[vi] While international law recognizes a righto work (See art. 6(1) of the International Convenient on Economic Social and Cultural Rights) international law does not also recognize the right to cross a border to fulfill that right to work See International Convention on the Protection of the Rights of All Migrant Workers and Their Families. (Describing nowhere in the document any right to cross a border for the protection of life, other than the right to seek asylum, which is itself very narrow). See Also art. 12 on the International Covenant on Social and Political Rights. (ensuring a right to leave one’s country, but no corollary right to enter another has been interpreted). See, e.g., the similar right to leave under the European Convention on Human rights: A.E. v. Poland, No. 14480/04 (31 March 2009), at ¶ 46 (“reiterates that Article 2 of Protocol No. 4 guarantees to any person a right to liberty of movement, including the right to leave any country for another country to which he or she may be admitted”).
[vii] See Supra, Notes 5 and 6.
[viii] See, e.g., Angela Y. Davis, Abolition Democracy: Beyond Prison, Torture and Empire Interviews (2005); Michelle Alexander, The New Jim Crow: Mass Incarceration in the Age of Color Blindness (2010);
[ix] Nishimura Eiku v. U.S., 142 U.S. 651, at 659 (1892)(“It is an accepted maxim of international law that every sovereign nation has the power, as inherent in sovereignty, and essential to self-preservation, to forbid the entrance of foreigners within its dominions, or to admit them only in such cases and upon such conditions as it may see fit to prescribe”).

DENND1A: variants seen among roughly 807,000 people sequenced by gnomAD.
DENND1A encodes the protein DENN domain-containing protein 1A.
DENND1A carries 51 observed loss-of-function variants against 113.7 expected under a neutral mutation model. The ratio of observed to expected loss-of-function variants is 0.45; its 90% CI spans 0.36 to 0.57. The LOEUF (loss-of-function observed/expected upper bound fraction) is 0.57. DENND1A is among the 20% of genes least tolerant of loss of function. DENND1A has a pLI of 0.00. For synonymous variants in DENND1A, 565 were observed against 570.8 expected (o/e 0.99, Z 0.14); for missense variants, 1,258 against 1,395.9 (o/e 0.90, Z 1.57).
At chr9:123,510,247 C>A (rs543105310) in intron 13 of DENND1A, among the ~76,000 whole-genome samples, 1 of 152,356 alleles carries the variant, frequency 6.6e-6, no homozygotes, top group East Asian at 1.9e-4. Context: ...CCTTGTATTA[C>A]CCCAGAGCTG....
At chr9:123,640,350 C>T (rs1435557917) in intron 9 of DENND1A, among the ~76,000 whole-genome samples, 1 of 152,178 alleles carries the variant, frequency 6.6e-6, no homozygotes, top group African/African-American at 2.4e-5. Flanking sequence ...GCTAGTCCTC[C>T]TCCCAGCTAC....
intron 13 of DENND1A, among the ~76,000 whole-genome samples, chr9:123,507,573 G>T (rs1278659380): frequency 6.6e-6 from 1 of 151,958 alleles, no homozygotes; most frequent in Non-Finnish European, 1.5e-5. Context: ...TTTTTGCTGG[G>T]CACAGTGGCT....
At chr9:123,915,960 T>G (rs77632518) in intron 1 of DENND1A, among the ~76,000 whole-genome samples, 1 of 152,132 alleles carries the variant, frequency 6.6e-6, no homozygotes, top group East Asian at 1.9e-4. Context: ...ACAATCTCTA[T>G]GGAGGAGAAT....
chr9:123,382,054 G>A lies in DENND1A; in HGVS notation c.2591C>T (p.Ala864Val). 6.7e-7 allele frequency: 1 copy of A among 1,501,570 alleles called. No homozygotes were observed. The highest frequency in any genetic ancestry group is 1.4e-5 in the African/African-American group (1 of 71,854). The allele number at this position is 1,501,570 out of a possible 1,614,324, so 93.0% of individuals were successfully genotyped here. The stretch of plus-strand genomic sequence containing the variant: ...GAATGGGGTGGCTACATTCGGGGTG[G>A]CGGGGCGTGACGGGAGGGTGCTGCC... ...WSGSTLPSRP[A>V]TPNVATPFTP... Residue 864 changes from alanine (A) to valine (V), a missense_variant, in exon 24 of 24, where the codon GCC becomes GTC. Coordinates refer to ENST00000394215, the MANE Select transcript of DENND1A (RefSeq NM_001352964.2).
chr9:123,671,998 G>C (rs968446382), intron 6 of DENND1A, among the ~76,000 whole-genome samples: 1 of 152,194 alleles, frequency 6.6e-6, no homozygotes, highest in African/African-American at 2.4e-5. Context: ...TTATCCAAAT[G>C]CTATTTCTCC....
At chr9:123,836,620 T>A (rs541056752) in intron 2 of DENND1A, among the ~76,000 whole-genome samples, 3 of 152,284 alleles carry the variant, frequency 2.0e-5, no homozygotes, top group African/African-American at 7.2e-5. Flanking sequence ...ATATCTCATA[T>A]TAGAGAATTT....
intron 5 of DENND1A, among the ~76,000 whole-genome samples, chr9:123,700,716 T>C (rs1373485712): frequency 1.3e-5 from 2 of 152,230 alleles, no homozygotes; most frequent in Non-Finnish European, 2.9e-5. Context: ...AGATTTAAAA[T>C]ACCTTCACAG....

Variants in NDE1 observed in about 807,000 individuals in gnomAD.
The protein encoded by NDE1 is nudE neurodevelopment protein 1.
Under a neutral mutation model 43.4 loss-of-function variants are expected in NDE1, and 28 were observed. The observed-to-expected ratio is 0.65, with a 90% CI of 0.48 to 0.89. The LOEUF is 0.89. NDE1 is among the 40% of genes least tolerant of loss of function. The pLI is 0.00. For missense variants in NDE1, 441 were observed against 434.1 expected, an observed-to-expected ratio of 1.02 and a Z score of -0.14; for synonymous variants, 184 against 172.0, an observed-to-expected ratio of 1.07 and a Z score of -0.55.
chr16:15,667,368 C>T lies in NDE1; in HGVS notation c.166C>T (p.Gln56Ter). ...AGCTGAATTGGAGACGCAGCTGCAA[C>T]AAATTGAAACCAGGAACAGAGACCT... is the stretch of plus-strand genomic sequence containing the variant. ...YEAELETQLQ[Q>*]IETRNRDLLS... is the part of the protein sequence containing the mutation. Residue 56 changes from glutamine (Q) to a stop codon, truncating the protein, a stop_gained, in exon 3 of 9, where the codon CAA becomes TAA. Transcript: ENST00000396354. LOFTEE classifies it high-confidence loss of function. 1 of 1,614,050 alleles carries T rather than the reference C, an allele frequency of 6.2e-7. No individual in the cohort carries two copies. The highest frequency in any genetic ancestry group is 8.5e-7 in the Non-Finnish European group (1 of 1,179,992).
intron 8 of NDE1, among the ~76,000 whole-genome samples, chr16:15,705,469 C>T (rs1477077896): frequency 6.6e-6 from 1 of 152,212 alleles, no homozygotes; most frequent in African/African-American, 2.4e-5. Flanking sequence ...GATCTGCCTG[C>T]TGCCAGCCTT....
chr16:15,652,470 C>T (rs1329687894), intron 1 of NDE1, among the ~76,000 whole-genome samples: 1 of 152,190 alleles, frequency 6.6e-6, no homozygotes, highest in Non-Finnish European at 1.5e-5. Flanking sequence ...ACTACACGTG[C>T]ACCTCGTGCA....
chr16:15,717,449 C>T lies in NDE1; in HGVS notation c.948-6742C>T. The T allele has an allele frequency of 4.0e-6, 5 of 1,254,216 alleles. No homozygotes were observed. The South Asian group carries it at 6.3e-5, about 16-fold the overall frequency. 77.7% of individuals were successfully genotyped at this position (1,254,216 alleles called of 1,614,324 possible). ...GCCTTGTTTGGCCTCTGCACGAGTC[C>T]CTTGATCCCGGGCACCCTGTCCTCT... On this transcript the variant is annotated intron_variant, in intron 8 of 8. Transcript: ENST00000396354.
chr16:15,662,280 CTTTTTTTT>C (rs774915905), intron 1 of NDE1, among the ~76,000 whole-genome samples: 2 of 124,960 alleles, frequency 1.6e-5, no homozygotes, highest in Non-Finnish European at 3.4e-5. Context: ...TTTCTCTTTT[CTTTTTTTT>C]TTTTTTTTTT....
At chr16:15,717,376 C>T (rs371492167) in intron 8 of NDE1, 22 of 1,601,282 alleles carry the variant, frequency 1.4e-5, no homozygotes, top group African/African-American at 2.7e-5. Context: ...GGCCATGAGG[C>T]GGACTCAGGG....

[x] See, Yick Wo v. Hopkins, 118 U.S. 356, 369 (1886)( The Fourteenth Amendment to the Constitution is not confined to the protection of citizens. . . These provisions are universal in their application to all persons within the territorial jurisdiction); But See Lewis v. Thompson, 252 F.3d 567, 582 (2d Cir. 2001)(finding that a lower standard of review is appropriate for review of laws that discriminate between documented and undocumented people when the law says what federal immigration authorities may and may not do); Mathews v. Diaz, 426 U.S. 67 (1976).
[xi] See, supra, notes 9 and 10.
[xiii] Fong Yue Ting v. U.S., 149 U.S. 698, 737-8 (Brewer Dissenting).
[xiv] Nishimura Eiku v. U.S., 142 U.S. 651, at 659 (1892).
[xv] Fong Yue Ting v. U.S., 149 U.S. 698, 728 (1893)(“For the reasons stated in the earlier part of this opinion, congress, under the power to exclude or expel aliens, might have directed any Chinese laborer found in the United States without a certificate of residence to be removed out of the country . . .”)
[xvi] See Mathews v. Diaz, 426 U.S. 67 (1976).
[xvii] Aviva Chomsky, They Take Our Jobs!: And 20 Other Myths About Immigration (2007), at page 27.
[xviii] Henry David Thoreau, “Civil Disobedience” (1849).